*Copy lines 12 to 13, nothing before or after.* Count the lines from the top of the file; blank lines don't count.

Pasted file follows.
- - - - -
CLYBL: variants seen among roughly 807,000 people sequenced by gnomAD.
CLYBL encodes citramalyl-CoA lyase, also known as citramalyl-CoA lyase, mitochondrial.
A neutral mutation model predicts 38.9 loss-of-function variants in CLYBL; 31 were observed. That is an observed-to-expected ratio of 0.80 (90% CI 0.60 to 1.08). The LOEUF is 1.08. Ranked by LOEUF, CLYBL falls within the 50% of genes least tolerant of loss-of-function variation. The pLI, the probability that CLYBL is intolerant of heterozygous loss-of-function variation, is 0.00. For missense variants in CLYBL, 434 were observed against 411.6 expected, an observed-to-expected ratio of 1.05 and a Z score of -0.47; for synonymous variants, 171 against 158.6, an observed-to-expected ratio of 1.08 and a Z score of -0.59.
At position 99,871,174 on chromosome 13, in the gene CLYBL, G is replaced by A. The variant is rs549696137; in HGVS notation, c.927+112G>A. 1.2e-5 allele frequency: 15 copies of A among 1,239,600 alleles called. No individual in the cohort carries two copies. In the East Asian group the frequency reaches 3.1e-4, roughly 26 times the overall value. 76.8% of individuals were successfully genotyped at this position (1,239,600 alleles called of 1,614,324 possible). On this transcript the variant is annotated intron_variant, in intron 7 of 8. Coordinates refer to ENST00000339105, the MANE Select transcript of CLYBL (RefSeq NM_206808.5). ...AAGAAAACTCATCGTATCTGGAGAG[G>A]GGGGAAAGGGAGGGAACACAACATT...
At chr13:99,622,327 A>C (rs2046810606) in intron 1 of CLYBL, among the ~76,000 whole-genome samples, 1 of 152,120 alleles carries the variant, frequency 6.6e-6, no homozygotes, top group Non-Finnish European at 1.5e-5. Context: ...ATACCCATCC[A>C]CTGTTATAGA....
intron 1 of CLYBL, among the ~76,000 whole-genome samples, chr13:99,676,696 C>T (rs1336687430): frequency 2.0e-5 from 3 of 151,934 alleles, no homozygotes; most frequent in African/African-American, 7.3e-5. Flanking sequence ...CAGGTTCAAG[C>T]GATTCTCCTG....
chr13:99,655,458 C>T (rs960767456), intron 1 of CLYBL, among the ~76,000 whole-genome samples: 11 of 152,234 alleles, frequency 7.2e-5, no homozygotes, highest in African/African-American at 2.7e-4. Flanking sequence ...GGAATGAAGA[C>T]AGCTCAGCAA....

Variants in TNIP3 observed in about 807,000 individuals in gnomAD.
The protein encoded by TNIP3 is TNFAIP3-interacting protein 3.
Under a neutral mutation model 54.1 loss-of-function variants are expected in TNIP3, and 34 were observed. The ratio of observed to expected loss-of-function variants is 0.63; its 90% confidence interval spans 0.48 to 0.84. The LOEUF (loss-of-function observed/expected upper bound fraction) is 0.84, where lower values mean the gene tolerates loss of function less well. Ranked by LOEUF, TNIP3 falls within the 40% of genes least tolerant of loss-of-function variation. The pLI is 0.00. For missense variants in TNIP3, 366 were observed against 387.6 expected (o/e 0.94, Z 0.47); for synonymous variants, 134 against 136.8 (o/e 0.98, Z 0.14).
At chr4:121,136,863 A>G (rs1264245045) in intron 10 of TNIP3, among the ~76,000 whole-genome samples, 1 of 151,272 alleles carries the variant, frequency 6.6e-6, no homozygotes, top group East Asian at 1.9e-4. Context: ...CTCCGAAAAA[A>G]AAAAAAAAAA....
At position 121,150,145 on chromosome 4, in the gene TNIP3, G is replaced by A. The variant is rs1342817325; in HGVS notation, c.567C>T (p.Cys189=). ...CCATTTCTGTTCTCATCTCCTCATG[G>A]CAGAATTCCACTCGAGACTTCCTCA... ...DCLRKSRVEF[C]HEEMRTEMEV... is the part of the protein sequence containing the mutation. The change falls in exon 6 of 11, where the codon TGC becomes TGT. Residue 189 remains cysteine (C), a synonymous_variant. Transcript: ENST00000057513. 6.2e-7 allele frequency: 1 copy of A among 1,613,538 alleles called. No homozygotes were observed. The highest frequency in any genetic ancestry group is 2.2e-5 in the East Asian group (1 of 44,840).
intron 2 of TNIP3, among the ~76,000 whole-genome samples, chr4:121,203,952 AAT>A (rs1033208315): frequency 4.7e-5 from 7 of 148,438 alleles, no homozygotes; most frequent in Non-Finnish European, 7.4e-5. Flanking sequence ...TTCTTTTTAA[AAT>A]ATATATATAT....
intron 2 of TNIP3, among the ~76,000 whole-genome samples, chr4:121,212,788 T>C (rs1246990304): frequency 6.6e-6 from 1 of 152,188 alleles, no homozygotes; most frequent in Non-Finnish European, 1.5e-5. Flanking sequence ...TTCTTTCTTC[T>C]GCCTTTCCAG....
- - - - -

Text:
At position 121,150,145 on chromosome 4, in the gene TNIP3, G is replaced by A. The variant is rs1342817325; in HGVS notation, c.567C>T (p.Cys189=). ...CCATTTCTGTTCTCATCTCCTCATG[G>A]CAGAATTCCACTCGAGACTTCCTCA... ...DCLRKSRVEF[C]HEEMRTEMEV... is the part of the protein sequence containing the mutation. The change falls in exon 6 of 11, where the codon TGC becomes TGT. Residue 189 remains cysteine (C), a synonymous_variant. Transcript: ENST00000057513. 6.2e-7 allele frequency: 1 copy of A among 1,613,538 alleles called. No homozygotes were observed. The highest frequency in any genetic ancestry group is 2.2e-5 in the East Asian group (1 of 44,840).
intron 2 of TNIP3, among the ~76,000 whole-genome samples, chr4:121,203,952 AAT>A (rs1033208315): frequency 4.7e-5 from 7 of 148,438 alleles, no homozygotes; most frequent in Non-Finnish European, 7.4e-5. Flanking sequence ...TTCTTTTTAA[AAT>A]ATATATATAT....